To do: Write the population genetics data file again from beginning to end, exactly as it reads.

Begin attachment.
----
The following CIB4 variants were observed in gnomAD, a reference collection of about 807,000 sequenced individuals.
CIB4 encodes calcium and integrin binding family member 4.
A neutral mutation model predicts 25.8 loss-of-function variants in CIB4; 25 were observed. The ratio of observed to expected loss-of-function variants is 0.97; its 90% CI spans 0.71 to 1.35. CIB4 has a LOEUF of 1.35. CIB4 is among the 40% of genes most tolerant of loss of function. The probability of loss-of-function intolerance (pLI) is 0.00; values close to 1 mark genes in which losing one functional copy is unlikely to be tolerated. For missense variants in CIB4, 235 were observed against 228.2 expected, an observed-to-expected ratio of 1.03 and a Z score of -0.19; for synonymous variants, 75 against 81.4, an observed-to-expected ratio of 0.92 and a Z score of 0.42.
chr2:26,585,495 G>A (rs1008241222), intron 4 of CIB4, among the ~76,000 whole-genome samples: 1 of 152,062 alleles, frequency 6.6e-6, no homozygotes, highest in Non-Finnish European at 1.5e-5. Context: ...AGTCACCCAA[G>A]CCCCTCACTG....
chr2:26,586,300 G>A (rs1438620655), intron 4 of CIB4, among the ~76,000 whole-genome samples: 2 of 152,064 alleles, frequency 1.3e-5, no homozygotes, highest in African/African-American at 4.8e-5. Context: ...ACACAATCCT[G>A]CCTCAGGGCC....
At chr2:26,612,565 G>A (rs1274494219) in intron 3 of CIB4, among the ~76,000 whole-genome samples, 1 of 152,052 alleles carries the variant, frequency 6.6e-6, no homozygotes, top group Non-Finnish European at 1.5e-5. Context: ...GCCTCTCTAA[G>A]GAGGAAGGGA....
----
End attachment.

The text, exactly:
The following CIB4 variants were observed in gnomAD, a reference collection of about 807,000 sequenced individuals.
CIB4 encodes calcium and integrin binding family member 4.
A neutral mutation model predicts 25.8 loss-of-function variants in CIB4; 25 were observed. The ratio of observed to expected loss-of-function variants is 0.97; its 90% CI spans 0.71 to 1.35. CIB4 has a LOEUF of 1.35. CIB4 is among the 40% of genes most tolerant of loss of function. The probability of loss-of-function intolerance (pLI) is 0.00; values close to 1 mark genes in which losing one functional copy is unlikely to be tolerated. For missense variants in CIB4, 235 were observed against 228.2 expected, an observed-to-expected ratio of 1.03 and a Z score of -0.19; for synonymous variants, 75 against 81.4, an observed-to-expected ratio of 0.92 and a Z score of 0.42.
chr2:26,585,495 G>A (rs1008241222), intron 4 of CIB4, among the ~76,000 whole-genome samples: 1 of 152,062 alleles, frequency 6.6e-6, no homozygotes, highest in Non-Finnish European at 1.5e-5. Context: ...AGTCACCCAA[G>A]CCCCTCACTG....
chr2:26,586,300 G>A (rs1438620655), intron 4 of CIB4, among the ~76,000 whole-genome samples: 2 of 152,064 alleles, frequency 1.3e-5, no homozygotes, highest in African/African-American at 4.8e-5. Context: ...ACACAATCCT[G>A]CCTCAGGGCC....
At chr2:26,612,565 G>A (rs1274494219) in intron 3 of CIB4, among the ~76,000 whole-genome samples, 1 of 152,052 alleles carries the variant, frequency 6.6e-6, no homozygotes, top group Non-Finnish European at 1.5e-5. Context: ...GCCTCTCTAA[G>A]GAGGAAGGGA....